The three candidates vying for the 4th Senatorial District, comprised of Jackson and Mason County and parts of Roane and Putnam Counties, have differing views on many of the issues facing the district. Each candidate was given a chance to answer questions. Both Amy Nichole Grady and Bruce Ashworth chose to have a phone interview, while Loyd Butcher opted for questions submitted by e-mail.

Bruce Ashworth, Democrat

42 years old from Ripley

What three issues do you consider the most pressing and how do you propose to try to address them?

1. Right to Work – This has got to be repealed. Prevailing wag must be brought back. We’ve already learned the promise that it would save money is not coming true. Wages, safety, benefits, and job security have to be a top priority.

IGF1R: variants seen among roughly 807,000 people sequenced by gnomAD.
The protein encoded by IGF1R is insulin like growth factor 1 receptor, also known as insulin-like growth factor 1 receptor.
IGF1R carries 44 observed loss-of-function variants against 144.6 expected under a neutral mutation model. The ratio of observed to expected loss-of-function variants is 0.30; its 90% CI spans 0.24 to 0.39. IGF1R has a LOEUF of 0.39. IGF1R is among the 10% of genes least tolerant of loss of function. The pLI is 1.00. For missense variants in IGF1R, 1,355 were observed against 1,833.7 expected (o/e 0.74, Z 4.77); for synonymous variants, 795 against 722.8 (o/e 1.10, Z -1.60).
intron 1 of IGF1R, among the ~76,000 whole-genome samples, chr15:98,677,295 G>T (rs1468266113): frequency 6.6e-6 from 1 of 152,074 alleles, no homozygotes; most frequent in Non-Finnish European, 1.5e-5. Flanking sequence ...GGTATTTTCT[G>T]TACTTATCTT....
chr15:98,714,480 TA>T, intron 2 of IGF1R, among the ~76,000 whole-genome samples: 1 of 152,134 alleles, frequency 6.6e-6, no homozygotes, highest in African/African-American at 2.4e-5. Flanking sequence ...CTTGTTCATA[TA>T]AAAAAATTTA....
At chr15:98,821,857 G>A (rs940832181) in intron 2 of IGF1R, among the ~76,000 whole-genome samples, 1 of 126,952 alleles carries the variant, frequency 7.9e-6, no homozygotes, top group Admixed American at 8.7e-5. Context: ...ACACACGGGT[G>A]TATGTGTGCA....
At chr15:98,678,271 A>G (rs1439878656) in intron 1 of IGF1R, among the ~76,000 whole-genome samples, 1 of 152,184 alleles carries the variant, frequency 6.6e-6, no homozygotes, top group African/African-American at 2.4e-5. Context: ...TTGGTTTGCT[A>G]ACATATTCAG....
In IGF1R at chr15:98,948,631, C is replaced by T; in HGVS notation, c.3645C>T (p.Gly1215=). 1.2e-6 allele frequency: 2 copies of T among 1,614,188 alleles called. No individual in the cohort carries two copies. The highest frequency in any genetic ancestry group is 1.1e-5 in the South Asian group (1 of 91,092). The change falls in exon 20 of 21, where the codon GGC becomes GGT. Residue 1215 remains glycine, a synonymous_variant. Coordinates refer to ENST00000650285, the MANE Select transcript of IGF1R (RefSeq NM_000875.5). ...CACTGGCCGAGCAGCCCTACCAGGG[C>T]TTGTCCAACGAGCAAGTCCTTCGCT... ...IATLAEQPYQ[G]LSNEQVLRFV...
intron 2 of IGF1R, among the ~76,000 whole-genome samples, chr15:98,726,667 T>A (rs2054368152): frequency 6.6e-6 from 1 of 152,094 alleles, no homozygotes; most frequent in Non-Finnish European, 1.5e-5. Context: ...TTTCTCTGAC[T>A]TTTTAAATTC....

2. Education -- One of the first cuts that seem to be made when the economy struggles is education. I have supported every education initiative that has been set forth in my county. Teachers deserve the pay raises they were promised and PEIA needs to be fairly funded. There is no place for charter schools in this state. I personally didn’t vote for every funding proposal to have that money shifted to charter schools. I also strongly support having a counselor in every school because depression and suicides are becoming far too common.

3. Infrastructure/Broadband – The roads in this district are in pitiful shape. I’ve noticed that the governor’s Roads to Prosperity program has seen a lot of work close to this election. We have got to make broadband available to our citizens. We’ve seen the impact on education right now with this issue. If it takes making it a public utility, let’s do that.

What role, if any, do you see the Legislature having in COVID-19 response?